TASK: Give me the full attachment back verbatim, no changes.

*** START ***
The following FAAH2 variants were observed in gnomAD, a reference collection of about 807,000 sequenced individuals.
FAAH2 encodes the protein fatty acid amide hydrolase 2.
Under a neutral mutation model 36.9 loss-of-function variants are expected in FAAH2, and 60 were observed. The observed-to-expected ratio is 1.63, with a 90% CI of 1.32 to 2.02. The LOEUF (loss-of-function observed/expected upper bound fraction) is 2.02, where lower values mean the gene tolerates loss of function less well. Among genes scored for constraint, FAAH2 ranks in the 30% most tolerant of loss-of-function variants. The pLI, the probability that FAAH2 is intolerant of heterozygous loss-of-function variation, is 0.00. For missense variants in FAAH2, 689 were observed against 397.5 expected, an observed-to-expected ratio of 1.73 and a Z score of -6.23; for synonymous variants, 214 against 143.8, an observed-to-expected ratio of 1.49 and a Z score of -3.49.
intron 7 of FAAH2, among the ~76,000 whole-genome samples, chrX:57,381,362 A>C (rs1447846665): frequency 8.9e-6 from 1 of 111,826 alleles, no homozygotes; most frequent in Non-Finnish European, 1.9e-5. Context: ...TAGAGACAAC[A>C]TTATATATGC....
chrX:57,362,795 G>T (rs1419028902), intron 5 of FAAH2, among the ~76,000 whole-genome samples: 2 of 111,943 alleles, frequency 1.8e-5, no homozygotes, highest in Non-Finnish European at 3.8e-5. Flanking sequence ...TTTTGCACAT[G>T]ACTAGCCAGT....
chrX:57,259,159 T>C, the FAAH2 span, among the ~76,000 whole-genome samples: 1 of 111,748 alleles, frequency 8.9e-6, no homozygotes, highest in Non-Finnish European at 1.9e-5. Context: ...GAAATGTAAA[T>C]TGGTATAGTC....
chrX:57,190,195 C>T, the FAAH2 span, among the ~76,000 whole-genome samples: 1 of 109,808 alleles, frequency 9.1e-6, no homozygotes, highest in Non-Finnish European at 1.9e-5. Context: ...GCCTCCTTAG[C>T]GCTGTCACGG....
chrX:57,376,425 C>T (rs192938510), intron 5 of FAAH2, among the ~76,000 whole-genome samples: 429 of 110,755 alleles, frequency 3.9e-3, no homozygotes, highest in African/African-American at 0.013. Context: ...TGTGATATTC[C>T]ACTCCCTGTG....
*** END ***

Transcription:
The following FAAH2 variants were observed in gnomAD, a reference collection of about 807,000 sequenced individuals.
FAAH2 encodes the protein fatty acid amide hydrolase 2.
Under a neutral mutation model 36.9 loss-of-function variants are expected in FAAH2, and 60 were observed. The observed-to-expected ratio is 1.63, with a 90% CI of 1.32 to 2.02. The LOEUF (loss-of-function observed/expected upper bound fraction) is 2.02, where lower values mean the gene tolerates loss of function less well. Among genes scored for constraint, FAAH2 ranks in the 30% most tolerant of loss-of-function variants. The pLI, the probability that FAAH2 is intolerant of heterozygous loss-of-function variation, is 0.00. For missense variants in FAAH2, 689 were observed against 397.5 expected, an observed-to-expected ratio of 1.73 and a Z score of -6.23; for synonymous variants, 214 against 143.8, an observed-to-expected ratio of 1.49 and a Z score of -3.49.
intron 7 of FAAH2, among the ~76,000 whole-genome samples, chrX:57,381,362 A>C (rs1447846665): frequency 8.9e-6 from 1 of 111,826 alleles, no homozygotes; most frequent in Non-Finnish European, 1.9e-5. Context: ...TAGAGACAAC[A>C]TTATATATGC....
chrX:57,362,795 G>T (rs1419028902), intron 5 of FAAH2, among the ~76,000 whole-genome samples: 2 of 111,943 alleles, frequency 1.8e-5, no homozygotes, highest in Non-Finnish European at 3.8e-5. Flanking sequence ...TTTTGCACAT[G>T]ACTAGCCAGT....
chrX:57,259,159 T>C, the FAAH2 span, among the ~76,000 whole-genome samples: 1 of 111,748 alleles, frequency 8.9e-6, no homozygotes, highest in Non-Finnish European at 1.9e-5. Context: ...GAAATGTAAA[T>C]TGGTATAGTC....
chrX:57,190,195 C>T, the FAAH2 span, among the ~76,000 whole-genome samples: 1 of 109,808 alleles, frequency 9.1e-6, no homozygotes, highest in Non-Finnish European at 1.9e-5. Context: ...GCCTCCTTAG[C>T]GCTGTCACGG....
chrX:57,376,425 C>T (rs192938510), intron 5 of FAAH2, among the ~76,000 whole-genome samples: 429 of 110,755 alleles, frequency 3.9e-3, no homozygotes, highest in African/African-American at 0.013. Context: ...TGTGATATTC[C>T]ACTCCCTGTG....